As adults, most of us are pretty set in our ways. We have our routines, schedules, families, and it’s hard to deviate from them. Plus, we don’t have the same ‘built-in’ opportunities we may have had as kids when everyone was in similar stages of their lives.
But we all know that friendship is essential— even studies have associated friendship with life happiness. Research has found that frequent socialization is also positively correlated with overall life satisfaction.
Tips for making friends as an adult
While making friends as an adult can be challenging, the best part about making new friends is creating healthier friendship patterns. New friendships give you a clean slate or an opportunity to learn from your past mistakes in prior friendships and form new ones with even more powerful ties.
Although it will take some time and effort to make new friends, you’ll likely find it to be worth it.
Here are a few tips for making friends as an adult:
While it doesn’t have to be as formal as going back to school full time if you’re interested in learning a new language or expanding your writing skills, sign up for a class. Check out what the community colleges in your area have to offer, or consider convening a study group outside of the classroom to practice these skills and expand your friendships beyond the classroom.
Volunteer for a cause you care about.
Discover a cause that you believe in, and consider volunteering your time. Not only is it a great way to meet new people, but volunteering comes with a few health benefits, as well. Plus, if you already have a friend that values the exact causes you do, you’ll be able to share your experience.
Find meetups for your interests.
Take whatever fascinations and interests you have, and there are probably a few meetups for it. Live in a suburban area and are a dog parent? There’s most likely a meetup for that. You know you’ll automatically have a lot to talk about, and it’s probably something you don’t get to discuss with others in your life.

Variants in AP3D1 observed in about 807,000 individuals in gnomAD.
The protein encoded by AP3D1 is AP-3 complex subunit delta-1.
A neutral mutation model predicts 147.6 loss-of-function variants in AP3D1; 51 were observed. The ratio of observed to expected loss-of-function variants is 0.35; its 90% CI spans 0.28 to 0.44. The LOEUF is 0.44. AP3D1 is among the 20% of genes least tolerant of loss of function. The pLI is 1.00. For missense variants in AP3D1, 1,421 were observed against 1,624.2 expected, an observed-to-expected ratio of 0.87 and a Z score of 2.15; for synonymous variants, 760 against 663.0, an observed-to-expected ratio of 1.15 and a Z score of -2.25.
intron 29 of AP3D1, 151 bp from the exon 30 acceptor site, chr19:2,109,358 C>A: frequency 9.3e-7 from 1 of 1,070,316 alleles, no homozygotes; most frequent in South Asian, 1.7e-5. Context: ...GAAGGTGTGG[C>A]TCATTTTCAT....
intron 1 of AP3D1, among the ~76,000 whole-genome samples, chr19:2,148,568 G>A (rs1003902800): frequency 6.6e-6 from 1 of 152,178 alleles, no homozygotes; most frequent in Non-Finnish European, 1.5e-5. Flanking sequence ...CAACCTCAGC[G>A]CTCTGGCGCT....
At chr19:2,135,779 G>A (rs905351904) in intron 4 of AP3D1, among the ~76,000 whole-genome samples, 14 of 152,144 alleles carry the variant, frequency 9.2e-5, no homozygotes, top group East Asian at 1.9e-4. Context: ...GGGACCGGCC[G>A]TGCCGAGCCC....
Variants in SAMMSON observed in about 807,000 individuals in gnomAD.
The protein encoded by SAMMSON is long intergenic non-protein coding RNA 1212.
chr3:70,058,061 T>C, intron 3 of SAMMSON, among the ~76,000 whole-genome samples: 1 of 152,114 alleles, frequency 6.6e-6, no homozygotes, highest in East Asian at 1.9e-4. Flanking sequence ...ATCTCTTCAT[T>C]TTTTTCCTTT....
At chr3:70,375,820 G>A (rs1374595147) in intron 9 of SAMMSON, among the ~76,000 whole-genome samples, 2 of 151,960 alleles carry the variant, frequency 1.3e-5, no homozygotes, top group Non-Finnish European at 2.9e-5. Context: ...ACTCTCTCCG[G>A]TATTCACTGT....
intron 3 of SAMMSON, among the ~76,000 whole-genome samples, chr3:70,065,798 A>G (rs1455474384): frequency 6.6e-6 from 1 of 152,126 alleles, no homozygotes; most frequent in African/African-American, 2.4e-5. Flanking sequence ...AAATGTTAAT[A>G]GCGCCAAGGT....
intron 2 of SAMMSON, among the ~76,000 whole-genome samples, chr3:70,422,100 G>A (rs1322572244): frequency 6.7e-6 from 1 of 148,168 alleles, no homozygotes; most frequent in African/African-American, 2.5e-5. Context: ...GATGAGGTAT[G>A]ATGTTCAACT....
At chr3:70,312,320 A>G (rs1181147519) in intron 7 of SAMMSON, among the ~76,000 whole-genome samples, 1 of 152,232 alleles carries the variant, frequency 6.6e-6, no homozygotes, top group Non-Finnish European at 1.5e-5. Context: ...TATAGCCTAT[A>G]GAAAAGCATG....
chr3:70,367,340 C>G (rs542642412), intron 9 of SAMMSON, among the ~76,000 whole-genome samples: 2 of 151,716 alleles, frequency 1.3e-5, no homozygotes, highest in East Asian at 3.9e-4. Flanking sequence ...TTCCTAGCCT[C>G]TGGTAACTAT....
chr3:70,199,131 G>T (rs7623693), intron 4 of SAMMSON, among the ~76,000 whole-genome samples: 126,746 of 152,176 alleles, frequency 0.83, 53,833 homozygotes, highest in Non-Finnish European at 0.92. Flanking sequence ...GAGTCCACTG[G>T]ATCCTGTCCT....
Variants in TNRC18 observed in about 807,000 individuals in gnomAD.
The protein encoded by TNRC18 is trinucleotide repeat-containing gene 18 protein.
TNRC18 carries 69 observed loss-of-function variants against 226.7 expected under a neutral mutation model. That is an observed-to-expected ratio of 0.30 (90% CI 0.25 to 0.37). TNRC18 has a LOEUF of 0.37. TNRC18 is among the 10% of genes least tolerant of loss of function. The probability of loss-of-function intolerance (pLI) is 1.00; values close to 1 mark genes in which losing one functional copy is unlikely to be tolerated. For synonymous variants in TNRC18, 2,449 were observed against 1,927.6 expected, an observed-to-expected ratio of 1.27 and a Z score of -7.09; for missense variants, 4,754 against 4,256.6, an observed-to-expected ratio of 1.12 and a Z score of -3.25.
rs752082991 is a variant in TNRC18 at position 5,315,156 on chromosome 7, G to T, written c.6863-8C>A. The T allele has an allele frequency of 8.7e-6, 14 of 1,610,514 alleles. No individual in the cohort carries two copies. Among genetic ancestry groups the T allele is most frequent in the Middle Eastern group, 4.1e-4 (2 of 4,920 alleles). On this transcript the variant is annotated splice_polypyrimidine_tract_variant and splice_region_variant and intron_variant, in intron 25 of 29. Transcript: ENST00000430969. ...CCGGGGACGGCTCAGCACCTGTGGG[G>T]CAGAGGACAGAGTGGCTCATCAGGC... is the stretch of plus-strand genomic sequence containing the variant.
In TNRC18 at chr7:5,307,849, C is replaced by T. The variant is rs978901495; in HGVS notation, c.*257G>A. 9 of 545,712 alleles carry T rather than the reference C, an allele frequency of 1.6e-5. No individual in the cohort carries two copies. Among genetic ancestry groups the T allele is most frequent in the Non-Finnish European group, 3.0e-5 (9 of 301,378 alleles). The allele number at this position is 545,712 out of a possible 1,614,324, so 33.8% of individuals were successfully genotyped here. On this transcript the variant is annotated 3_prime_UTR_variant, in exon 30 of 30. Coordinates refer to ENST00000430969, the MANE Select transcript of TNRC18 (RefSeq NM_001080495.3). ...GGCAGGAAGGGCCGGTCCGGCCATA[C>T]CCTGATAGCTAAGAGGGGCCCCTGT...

Look into support groups.
Going through a divorce? Struggle with your mental health? Consider looking into a support group. If you’re already working with a therapist or counselor, they can help you find a more clinical group, but some are more informal.
Use your pets or kids to your advantage.
Whether you have an actual child or a “fur-child,” you already have another way to grow your social circle. Find new activities for your child, and you’re obliged to meet some like-minded parents. If you’re a pet parent, you may want to try a meetup for your specific dog breed or go to your local dog park.
Organize something yourself.
Can’t find what you’re looking for? Put something together yourself. If you like writing, get a group of novelists together, whether you’re working on your first novel or your fourth. If you’re looking for friends to go on runs with, create your running group. Know that your group will likely be pretty small initially, but it’ll allow a way to get to know other people in an even more intimate setting.
Use social media to your advantage.
While social media can be a double-edged sword — It also has the power to connect us with others. Use yours to tap into people you haven’t seen in a while or as a way to find new ones. Or find an online community you can then take offline. For example, if you’re a runner, you can make new friends by posting about running and participating in the online running community.
The bottom line
If you’re apprehensive or anxious about making new friends as an adult, remember that nobody is judging you as much as you may think they are. Everyone’s been in similar situations at some point.
Are you a Charlottean who’s looking for more specific opportunities to make friends in the Charlotte community? Check out our post on how to meet new people in Charlotte.
Feel like you could use some extra support when it comes to making friends as an adult? You’re not alone. At Modern Era Counseling, many of the people we see are adults who are having a difficult time establishing or maintaining close friendships. In therapy, we’ll help you explore the interpersonal themes that prevent you from forming deep, meaningful friendships with your peers. Contact us today to get started.